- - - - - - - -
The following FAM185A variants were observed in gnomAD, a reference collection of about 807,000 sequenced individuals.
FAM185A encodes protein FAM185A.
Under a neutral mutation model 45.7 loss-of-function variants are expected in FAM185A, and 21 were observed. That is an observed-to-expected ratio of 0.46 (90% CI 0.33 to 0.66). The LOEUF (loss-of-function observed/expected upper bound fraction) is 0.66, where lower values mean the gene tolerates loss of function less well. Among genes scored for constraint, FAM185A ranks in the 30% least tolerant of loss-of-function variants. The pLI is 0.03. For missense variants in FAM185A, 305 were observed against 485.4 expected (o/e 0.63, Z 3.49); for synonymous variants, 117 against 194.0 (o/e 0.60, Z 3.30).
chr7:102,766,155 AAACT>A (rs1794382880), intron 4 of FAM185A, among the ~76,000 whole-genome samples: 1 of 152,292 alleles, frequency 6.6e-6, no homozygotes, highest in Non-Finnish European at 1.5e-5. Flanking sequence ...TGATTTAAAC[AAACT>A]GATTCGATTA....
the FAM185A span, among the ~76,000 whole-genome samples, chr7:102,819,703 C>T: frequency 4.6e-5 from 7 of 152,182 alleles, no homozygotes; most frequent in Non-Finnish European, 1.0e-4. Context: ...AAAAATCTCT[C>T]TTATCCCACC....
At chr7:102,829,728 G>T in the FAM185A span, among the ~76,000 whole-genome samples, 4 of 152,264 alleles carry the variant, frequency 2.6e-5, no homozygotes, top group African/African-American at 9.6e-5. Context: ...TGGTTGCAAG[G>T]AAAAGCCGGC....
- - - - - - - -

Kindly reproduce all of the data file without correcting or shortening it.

The following FAM185A variants were observed in gnomAD, a reference collection of about 807,000 sequenced individuals.
FAM185A encodes protein FAM185A.
Under a neutral mutation model 45.7 loss-of-function variants are expected in FAM185A, and 21 were observed. That is an observed-to-expected ratio of 0.46 (90% CI 0.33 to 0.66). The LOEUF (loss-of-function observed/expected upper bound fraction) is 0.66, where lower values mean the gene tolerates loss of function less well. Among genes scored for constraint, FAM185A ranks in the 30% least tolerant of loss-of-function variants. The pLI is 0.03. For missense variants in FAM185A, 305 were observed against 485.4 expected (o/e 0.63, Z 3.49); for synonymous variants, 117 against 194.0 (o/e 0.60, Z 3.30).
chr7:102,766,155 AAACT>A (rs1794382880), intron 4 of FAM185A, among the ~76,000 whole-genome samples: 1 of 152,292 alleles, frequency 6.6e-6, no homozygotes, highest in Non-Finnish European at 1.5e-5. Flanking sequence ...TGATTTAAAC[AAACT>A]GATTCGATTA....
the FAM185A span, among the ~76,000 whole-genome samples, chr7:102,819,703 C>T: frequency 4.6e-5 from 7 of 152,182 alleles, no homozygotes; most frequent in Non-Finnish European, 1.0e-4. Context: ...AAAAATCTCT[C>T]TTATCCCACC....
At chr7:102,829,728 G>T in the FAM185A span, among the ~76,000 whole-genome samples, 4 of 152,264 alleles carry the variant, frequency 2.6e-5, no homozygotes, top group African/African-American at 9.6e-5. Context: ...TGGTTGCAAG[G>T]AAAAGCCGGC....